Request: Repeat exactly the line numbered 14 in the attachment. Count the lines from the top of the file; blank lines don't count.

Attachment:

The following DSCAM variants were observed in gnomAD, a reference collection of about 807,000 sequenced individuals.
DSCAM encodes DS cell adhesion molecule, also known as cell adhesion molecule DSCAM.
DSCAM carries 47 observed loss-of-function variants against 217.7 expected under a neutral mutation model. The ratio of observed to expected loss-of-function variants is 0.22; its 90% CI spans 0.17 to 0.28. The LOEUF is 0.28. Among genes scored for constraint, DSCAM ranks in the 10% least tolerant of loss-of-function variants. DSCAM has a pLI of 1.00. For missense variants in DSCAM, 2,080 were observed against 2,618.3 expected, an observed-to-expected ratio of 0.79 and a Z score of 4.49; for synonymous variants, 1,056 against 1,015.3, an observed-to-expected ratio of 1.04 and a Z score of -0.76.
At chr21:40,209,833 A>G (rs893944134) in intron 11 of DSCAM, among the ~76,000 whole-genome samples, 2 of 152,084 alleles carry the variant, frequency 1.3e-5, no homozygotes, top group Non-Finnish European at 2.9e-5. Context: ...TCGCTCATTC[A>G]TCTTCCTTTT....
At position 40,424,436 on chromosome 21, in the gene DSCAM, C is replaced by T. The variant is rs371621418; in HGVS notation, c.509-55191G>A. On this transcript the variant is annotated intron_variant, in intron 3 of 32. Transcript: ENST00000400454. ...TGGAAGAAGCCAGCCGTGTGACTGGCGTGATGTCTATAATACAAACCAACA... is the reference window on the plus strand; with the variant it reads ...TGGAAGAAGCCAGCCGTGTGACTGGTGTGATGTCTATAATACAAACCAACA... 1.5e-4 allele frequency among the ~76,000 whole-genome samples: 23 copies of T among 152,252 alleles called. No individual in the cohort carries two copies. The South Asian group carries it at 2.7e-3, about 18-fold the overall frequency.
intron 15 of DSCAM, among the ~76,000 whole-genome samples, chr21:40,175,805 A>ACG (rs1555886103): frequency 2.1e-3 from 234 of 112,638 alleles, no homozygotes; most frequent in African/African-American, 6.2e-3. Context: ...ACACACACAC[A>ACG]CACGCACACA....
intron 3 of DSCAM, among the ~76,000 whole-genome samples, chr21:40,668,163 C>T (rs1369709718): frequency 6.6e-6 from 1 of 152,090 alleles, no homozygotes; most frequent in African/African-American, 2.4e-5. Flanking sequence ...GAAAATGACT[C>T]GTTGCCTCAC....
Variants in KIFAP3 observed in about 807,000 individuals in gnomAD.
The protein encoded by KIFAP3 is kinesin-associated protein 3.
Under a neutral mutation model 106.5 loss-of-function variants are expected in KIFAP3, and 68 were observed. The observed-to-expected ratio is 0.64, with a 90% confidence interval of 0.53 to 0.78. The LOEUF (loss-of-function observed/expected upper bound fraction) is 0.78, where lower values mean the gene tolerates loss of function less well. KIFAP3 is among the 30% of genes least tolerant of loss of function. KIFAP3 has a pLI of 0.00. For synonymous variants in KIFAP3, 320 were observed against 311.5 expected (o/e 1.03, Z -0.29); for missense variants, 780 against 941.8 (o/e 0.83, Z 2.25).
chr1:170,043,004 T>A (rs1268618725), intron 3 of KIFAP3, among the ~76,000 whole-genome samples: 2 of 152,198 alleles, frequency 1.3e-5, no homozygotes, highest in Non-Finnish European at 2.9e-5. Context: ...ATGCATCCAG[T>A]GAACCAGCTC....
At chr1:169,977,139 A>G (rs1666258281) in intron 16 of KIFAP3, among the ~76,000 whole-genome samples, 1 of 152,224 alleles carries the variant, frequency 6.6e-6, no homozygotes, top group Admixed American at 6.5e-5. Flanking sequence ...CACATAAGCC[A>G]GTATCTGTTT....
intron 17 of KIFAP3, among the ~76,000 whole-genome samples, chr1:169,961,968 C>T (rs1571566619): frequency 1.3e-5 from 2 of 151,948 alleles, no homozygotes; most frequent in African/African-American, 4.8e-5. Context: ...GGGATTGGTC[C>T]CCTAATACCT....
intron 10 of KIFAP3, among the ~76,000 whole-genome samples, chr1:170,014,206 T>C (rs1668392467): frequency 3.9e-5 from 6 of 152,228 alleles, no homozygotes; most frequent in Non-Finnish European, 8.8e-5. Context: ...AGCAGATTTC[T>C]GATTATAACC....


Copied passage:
intron 10 of KIFAP3, among the ~76,000 whole-genome samples, chr1:170,014,206 T>C (rs1668392467): frequency 3.9e-5 from 6 of 152,228 alleles, no homozygotes; most frequent in Non-Finnish European, 8.8e-5. Context: ...AGCAGATTTC[T>C]GATTATAACC....